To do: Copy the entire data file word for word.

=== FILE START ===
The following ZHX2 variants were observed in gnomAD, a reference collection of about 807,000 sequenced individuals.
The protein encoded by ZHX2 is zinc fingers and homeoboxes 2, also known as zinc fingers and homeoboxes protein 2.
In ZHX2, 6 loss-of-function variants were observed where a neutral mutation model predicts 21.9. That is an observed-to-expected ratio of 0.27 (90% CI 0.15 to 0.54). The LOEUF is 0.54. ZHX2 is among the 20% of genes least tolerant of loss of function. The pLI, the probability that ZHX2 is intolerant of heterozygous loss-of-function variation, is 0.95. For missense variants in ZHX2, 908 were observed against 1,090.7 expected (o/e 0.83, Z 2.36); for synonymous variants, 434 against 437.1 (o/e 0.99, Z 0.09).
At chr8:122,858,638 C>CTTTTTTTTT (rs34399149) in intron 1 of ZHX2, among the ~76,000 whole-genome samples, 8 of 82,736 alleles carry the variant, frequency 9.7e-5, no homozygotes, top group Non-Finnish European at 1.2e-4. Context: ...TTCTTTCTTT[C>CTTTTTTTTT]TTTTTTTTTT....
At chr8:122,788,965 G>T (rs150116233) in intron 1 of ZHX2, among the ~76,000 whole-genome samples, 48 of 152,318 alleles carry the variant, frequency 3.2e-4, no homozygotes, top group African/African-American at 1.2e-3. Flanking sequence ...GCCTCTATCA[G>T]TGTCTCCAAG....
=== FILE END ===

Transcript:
The following ZHX2 variants were observed in gnomAD, a reference collection of about 807,000 sequenced individuals.
The protein encoded by ZHX2 is zinc fingers and homeoboxes 2, also known as zinc fingers and homeoboxes protein 2.
In ZHX2, 6 loss-of-function variants were observed where a neutral mutation model predicts 21.9. That is an observed-to-expected ratio of 0.27 (90% CI 0.15 to 0.54). The LOEUF is 0.54. ZHX2 is among the 20% of genes least tolerant of loss of function. The pLI, the probability that ZHX2 is intolerant of heterozygous loss-of-function variation, is 0.95. For missense variants in ZHX2, 908 were observed against 1,090.7 expected (o/e 0.83, Z 2.36); for synonymous variants, 434 against 437.1 (o/e 0.99, Z 0.09).
At chr8:122,858,638 C>CTTTTTTTTT (rs34399149) in intron 1 of ZHX2, among the ~76,000 whole-genome samples, 8 of 82,736 alleles carry the variant, frequency 9.7e-5, no homozygotes, top group Non-Finnish European at 1.2e-4. Context: ...TTCTTTCTTT[C>CTTTTTTTTT]TTTTTTTTTT....
At chr8:122,788,965 G>T (rs150116233) in intron 1 of ZHX2, among the ~76,000 whole-genome samples, 48 of 152,318 alleles carry the variant, frequency 3.2e-4, no homozygotes, top group African/African-American at 1.2e-3. Flanking sequence ...GCCTCTATCA[G>T]TGTCTCCAAG....